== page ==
Miladun-Nabi (s) at Bloomfield Muslim Unity Center

March 25, 2010 by · Leave a Comment 

By Adil James, MMNS

P3218760 Bloomfield–March 21–Perhaps the controversy surrounding the blessed celebration of Miladun Nabi (s) has finally subsided in America.  While in every Muslim country the blessed date of the coming to this planet of the final and most beloved Messenger of Allah (s) is a national holiday and has been for centuries, in America for many years extremists fought against the celebration and recognition of that tremendous event.

Several mosques in the Southeast Michigan area held Miladun-Nabi (s) programs, including the Brownstown mosque, Masjid Umar Bin al-Khattab, as well as the MCWS Canton Mosque, and IAGD’s women’s group had a huge Miladun Nabi (s) program (attended by 600 sisters who completely filled both banquet halls at IAGD) as well.

I attended the particularly large Milad celebration at the Bloomfield mosque this Sunday.

Speakers and reciters included Imam Musa, Imam Lela, Dr. Asif Baig, Sheikh Ahmed Mabrouk, Khwaja Muneeruddin, Shaukat Najmi, Jameel Arif, Jameel Syed, Amir Khan, Mohammad Khalid, and Ishtiaq Jilani.

According to Jameel Arif, who sang beautiful Naath at the most recent Bloomfield Mawlid, “a lot of people were doing private programs celebrating it at their homes.”

Most of the Mawlid celebrations, however, were organized by individuals rather than by mosques as a whole–and perhaps an indication of the more religious nature of the Mawlid celebrations was the fact that they were hosted and paid for mostly by their hosts–unlike the majority of mosque events which require payment as one enters.

P3218758 Many of the local imams have been celebrating the Mawlid, including Imam Aly Lela of IAGD, Imam Muhammad Musa of Bloomfield, and Imam Sulaiman Ali of the MCWS Canton Mosque.  Imams Musa and Lela spoke at the Bloomfield Mawlid, Imam Musa speaking on the greatness of the holy Messenger, and Imam Lela advocating the showing of love for the blessed Prophet (s) by celebrating Mawlid.

The Pakistani tradition of celebrating Mawlid involves few speeches but much singing by many individual reciters who usually sing beautiful Urdu Naaths with soaring voices. 

Individual singing is the tradition in Pakistan, explained Jameel Arif, who said there’s “hardly any group singing.  We recite the Salaam at the end,” all together, “just to finish the event.”

But in a sign of the American melting pot and the presence here of many different ethnicities and vibrant cultures, the Bloomfield Milad also had several people singing Arabic qasidas, together with two speeches in praise of the Holy Prophet (s) by Imams Musa and Lela.

This year the Bloomfield mosque was very very full, almost as full as I have ever seen it, with the exception of the previous year’s Miladun-Nabi (s) when it was even impossible to find space to park, and literally impossible to find a chair to sit in inside the spacious Bloomfield gymnasium.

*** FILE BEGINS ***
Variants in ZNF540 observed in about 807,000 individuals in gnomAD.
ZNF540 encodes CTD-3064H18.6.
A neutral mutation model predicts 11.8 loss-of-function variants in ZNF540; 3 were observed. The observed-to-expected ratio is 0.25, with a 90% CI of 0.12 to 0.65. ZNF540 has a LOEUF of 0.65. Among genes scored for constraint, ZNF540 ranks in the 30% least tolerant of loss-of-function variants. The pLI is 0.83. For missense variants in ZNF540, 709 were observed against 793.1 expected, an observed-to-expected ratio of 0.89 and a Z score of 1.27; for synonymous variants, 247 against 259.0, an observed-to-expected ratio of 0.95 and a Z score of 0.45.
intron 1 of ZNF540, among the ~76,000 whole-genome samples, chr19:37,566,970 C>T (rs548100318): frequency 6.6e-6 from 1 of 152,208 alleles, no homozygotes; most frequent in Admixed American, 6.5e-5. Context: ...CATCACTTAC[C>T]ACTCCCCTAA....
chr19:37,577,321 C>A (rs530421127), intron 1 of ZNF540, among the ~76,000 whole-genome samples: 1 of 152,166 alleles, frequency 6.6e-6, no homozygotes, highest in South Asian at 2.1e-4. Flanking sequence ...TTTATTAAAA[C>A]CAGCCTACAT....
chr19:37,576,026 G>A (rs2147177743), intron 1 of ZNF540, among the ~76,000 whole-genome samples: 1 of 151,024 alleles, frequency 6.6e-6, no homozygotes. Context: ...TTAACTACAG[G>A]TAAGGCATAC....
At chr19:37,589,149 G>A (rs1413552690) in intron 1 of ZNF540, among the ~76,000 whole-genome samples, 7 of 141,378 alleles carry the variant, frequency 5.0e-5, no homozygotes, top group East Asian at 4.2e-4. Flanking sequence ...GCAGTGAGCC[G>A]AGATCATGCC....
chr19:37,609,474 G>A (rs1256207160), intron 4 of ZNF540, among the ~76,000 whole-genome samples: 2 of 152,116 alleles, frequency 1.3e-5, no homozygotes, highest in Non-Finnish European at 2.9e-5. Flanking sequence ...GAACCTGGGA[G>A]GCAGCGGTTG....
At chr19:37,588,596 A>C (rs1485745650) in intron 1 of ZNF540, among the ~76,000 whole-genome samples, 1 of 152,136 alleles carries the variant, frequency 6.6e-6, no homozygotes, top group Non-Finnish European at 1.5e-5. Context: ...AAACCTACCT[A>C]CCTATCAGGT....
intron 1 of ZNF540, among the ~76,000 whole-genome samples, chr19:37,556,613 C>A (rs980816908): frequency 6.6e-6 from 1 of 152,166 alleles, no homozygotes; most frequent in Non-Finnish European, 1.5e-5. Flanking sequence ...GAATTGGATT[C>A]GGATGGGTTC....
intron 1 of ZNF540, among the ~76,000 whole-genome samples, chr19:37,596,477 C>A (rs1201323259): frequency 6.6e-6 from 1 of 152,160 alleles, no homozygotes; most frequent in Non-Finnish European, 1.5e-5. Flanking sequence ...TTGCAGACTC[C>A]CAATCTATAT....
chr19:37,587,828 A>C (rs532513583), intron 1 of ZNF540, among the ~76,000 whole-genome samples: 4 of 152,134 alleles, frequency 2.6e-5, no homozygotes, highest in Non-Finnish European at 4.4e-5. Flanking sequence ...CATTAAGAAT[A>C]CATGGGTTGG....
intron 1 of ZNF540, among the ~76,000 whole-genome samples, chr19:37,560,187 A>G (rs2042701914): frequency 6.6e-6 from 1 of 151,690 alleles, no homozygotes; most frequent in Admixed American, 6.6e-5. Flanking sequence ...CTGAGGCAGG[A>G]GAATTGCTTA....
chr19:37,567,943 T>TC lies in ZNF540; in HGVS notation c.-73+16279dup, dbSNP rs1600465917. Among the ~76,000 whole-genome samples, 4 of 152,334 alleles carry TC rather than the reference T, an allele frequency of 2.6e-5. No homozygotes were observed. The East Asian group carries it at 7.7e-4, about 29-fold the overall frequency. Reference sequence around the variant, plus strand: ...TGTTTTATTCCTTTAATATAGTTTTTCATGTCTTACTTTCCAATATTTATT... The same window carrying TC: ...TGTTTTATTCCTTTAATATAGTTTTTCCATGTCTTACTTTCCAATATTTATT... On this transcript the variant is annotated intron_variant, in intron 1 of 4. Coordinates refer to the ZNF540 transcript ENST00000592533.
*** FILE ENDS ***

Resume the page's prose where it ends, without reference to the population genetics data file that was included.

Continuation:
Dr. Asif Baig is the founding member of the Michigan Milad Committee, he explained, and he organized and sponsored the Milad celebration this year and also every year “for the past 15 years.”

This year there were fewer people at the Bloomfield Milad, but still very many; Dr. Baig estimated that this year there were approximately 600 people, and that last year there had been about 700.

P3218759 Dr. Baig explained that in the early days his Miladun-Nabi (s) celebrations had been at the Troy mosque (IAGD), and had been attended by only about 100 people, but that the number of attendees grew every year, many times growing by as many as 100 people. 

“It has been increasing and increasing and people love it, and all year long people ask me when is it going to be, who is reciting, who will be there,” said Dr. Baig.
This year the Bloomfield mosque gave the gymnasium to the Milad celebration without charging rent.

“People came from Canton, Troy, Farmington Hills, and sometimes people from Grand Rapids also,” said Dr. Baig. Reciters also came some from as far afield as Windsor.

Dr. Baig spoke highly of Imam Lela for his speech on the greatness of Prophet (s), and spoke highly of Mrs. Baig also, saying “she has been very helpful in organizing the dinner and everything.  May God bless her… And preparing the food also–I want awareness among the people of how successful the event was.”

“I feel great, it was a real spiritual boosting experience,” said Dr. Baig, “I do it mostly from love and respect for our Prophet (s), you know how wonderful the speeches by Imam Musa and Imam Lela–unless we love the Prophet (s) our Islam is not complete.”

More Milad celebrations are scheduled, including one on April 10th in Windsor Ontario, at which the famous Naath reciter Fasihuddin Suhrawardi will recite.

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